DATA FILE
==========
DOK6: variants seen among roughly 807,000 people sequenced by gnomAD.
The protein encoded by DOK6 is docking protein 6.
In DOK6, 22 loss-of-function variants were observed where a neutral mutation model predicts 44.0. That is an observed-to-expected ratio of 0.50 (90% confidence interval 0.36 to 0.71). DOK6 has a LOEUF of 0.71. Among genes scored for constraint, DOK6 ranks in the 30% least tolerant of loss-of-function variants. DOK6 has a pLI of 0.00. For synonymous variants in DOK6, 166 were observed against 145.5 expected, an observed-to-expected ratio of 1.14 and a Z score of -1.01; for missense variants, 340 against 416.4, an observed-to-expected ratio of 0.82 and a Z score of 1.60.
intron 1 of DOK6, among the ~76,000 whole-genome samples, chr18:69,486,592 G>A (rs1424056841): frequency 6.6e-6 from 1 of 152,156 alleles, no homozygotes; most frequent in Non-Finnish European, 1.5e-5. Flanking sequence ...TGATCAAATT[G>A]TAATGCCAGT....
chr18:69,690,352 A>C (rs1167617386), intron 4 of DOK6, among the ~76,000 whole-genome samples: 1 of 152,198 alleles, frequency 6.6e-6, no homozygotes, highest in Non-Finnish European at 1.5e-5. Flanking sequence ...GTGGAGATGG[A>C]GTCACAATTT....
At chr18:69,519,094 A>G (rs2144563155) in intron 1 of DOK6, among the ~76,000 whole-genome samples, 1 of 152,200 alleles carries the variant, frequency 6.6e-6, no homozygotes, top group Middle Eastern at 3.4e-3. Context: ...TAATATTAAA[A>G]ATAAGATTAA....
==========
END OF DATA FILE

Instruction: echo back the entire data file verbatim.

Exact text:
DOK6: variants seen among roughly 807,000 people sequenced by gnomAD.
The protein encoded by DOK6 is docking protein 6.
In DOK6, 22 loss-of-function variants were observed where a neutral mutation model predicts 44.0. That is an observed-to-expected ratio of 0.50 (90% confidence interval 0.36 to 0.71). DOK6 has a LOEUF of 0.71. Among genes scored for constraint, DOK6 ranks in the 30% least tolerant of loss-of-function variants. DOK6 has a pLI of 0.00. For synonymous variants in DOK6, 166 were observed against 145.5 expected, an observed-to-expected ratio of 1.14 and a Z score of -1.01; for missense variants, 340 against 416.4, an observed-to-expected ratio of 0.82 and a Z score of 1.60.
intron 1 of DOK6, among the ~76,000 whole-genome samples, chr18:69,486,592 G>A (rs1424056841): frequency 6.6e-6 from 1 of 152,156 alleles, no homozygotes; most frequent in Non-Finnish European, 1.5e-5. Flanking sequence ...TGATCAAATT[G>A]TAATGCCAGT....
chr18:69,690,352 A>C (rs1167617386), intron 4 of DOK6, among the ~76,000 whole-genome samples: 1 of 152,198 alleles, frequency 6.6e-6, no homozygotes, highest in Non-Finnish European at 1.5e-5. Flanking sequence ...GTGGAGATGG[A>C]GTCACAATTT....
At chr18:69,519,094 A>G (rs2144563155) in intron 1 of DOK6, among the ~76,000 whole-genome samples, 1 of 152,200 alleles carries the variant, frequency 6.6e-6, no homozygotes, top group Middle Eastern at 3.4e-3. Context: ...TAATATTAAA[A>G]ATAAGATTAA....